Museum Field Trip
Last night I had an amazing experience. I toured museums in multiple States and on two Continents. This also happened to be the least expensive cultural experience of my life since it was done from the privacy of my own home. “How is that possible?” you may ask. I toured each museum from my computer. Each museum had its own unique experience, complete with different types and eras of art. All of the art was beautiful in its own way. However, I’d like to inform and impress upon you not the art itself, but the manner in which the art was displayed. I’d like to tell you about the web sites. The art, you’ll have to see for yourselves.
The two museum sites I’d like to talk about are the Metropolitan Museum of Art and The National Gallery of Art. The Homepage of each site is user friendly, complete with pull-down menus that are decisive and easy to understand. There are also some commonalities as far as the names of the pull-downs are concerned. They both have an Exhibitions menu which has their current, upcoming and past exhibitions hyperlinks. Also they both have a Research menu whereas the Metropolitan Museum of Art has a much more thorough menu. They both have a Collections menu as well. It lists their highlighted works among other things and they are pretty similar to each other. And what would any museum be without Shops? Yes, both museums have a Shop menu on the Homepage. It’s like having a Souvenir Shop right next to the entrance of a museum. You don’t even have to tour the museum to purchase souvenirs. The Homepages also have their differences though. The Metropolitan Museum of Art has a conventional web page with the pull-down menu spaced horizontally across the top of the page with some pictures you can click on and some other hypertext links arranged in a vertical fashion on the left side of the page. It also has the informative content arranged in the middle of the page. Whereas The National Gallery of Art shares the same Top-Horizontal pull-down menus, but has only a1 picture background with small pictures bar in the center that you can scroll through horizontally. The bar pictures descriptions mimic the pull-down menus.
What really gets to me with some pull down menus, is when I click on what is seemingly self-explanatory, i.e. “archive photos” and get links to other pages or “this page is no longer available”, or even better, “this page is currently under construction”. But, as I may have mentioned previously, the pull-downs on both sites were not only concise, but current as well. But yet again, the Metropolitan Museum of Art had more information and more links to choose from.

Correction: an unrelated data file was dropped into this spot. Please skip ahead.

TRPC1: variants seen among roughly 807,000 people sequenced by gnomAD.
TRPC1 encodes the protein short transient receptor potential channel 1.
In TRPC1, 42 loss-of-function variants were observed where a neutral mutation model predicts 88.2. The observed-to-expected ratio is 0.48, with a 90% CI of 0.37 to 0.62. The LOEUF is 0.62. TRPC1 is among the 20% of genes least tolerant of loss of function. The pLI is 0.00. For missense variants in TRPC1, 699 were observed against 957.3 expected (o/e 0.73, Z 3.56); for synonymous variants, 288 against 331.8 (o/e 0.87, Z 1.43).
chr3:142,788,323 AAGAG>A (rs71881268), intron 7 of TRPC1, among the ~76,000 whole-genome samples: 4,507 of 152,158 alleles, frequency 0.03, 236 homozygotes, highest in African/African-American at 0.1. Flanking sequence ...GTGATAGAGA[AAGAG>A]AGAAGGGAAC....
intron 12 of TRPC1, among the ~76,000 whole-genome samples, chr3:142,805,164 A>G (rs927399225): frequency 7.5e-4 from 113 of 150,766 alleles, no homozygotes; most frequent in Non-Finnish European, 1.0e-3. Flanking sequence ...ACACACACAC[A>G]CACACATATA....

The real reason people go to museums and art galleries isn’t to talk about Homepages or pull-down menus, but to look at pictures and works of art. So let us discuss art. When you look at the Highlights hypertext on the Collections pull-down menu of both museums you’ll find their prized works of art. Each compendium of pictures is amazing and beautiful in its own way. Complete with a myriad of sculptures, artifacts, pictures, and paintings both museums offer a visual portal to culture and civilizations of the past and written descriptions insightful to life very different than that of the present. I would like to point out some distinct differences in the pictures from both sites. Not so much as the pictures themselves, as I stated they both had such beautiful pictures that I would be hard-pressed to make a distinction as to which ones I liked more and that is also not the intention of this writing, but the manner in which they are displayed. The Metropolitan Museum of Art had a much more fluid presentation of the pictures than the National Gallery of Art. When I clicked on the pictures in The National Gallery of Art the pictures were presented in a digital fashion. What I mean by that is that the picture would appear digital block by digital block. So, as you could imagine, when I zoomed in to take a closer look there was a definite, and sometimes substantial, delay in the appearance of the picture. There was also an annoying thumbnail that I couldn’t escape. Combined with a stuttering movement of the entire photo when I pointed from side to side and top to bottom, the picture viewing experience could have been better. However I was totally pleased in the presentation of the pictures from the Metropolitan Museum of art. The instant appearance and fluid zooming, in and out, made the viewing much more pleasurable. I would also like to add that there was no stuttering upon movement of the picture and no annoying thumbnail to try to ignore.
I did say in the introduction that I visited multiple museums in different states and on two different continents, however I am only comparing the two I would, after viewing the websites, like to attend in person. You can however, make that decision for yourself. The sites I visited are as follows: Frist Center for the Visual Arts: http://www.fristcenter.com, The Frick Collection: http://www.frick.org, The Smithsonian: http://www.si.edu/, American Museum of Natural History: http://www.amnh.org, Metropolitan Museum of Art: http://www.metmuseum.org/, The National Gallery of Art: http://www.nga.gov, and in Europe, The Tate Gallery: http://www.tate.org.uk/home/default.htm, and The Louvre: http://www.louvre.fr/louvrea.htm. I recommend taken a look at all of the museums I have listed to really experience a world of culture.
There are a lot of things I could have done with my time last night. I could have wasted my night watching television with my husband and daughter. Instead I went in my office and viewed a world of culture. I am thankful for this assignment. This was time well spent.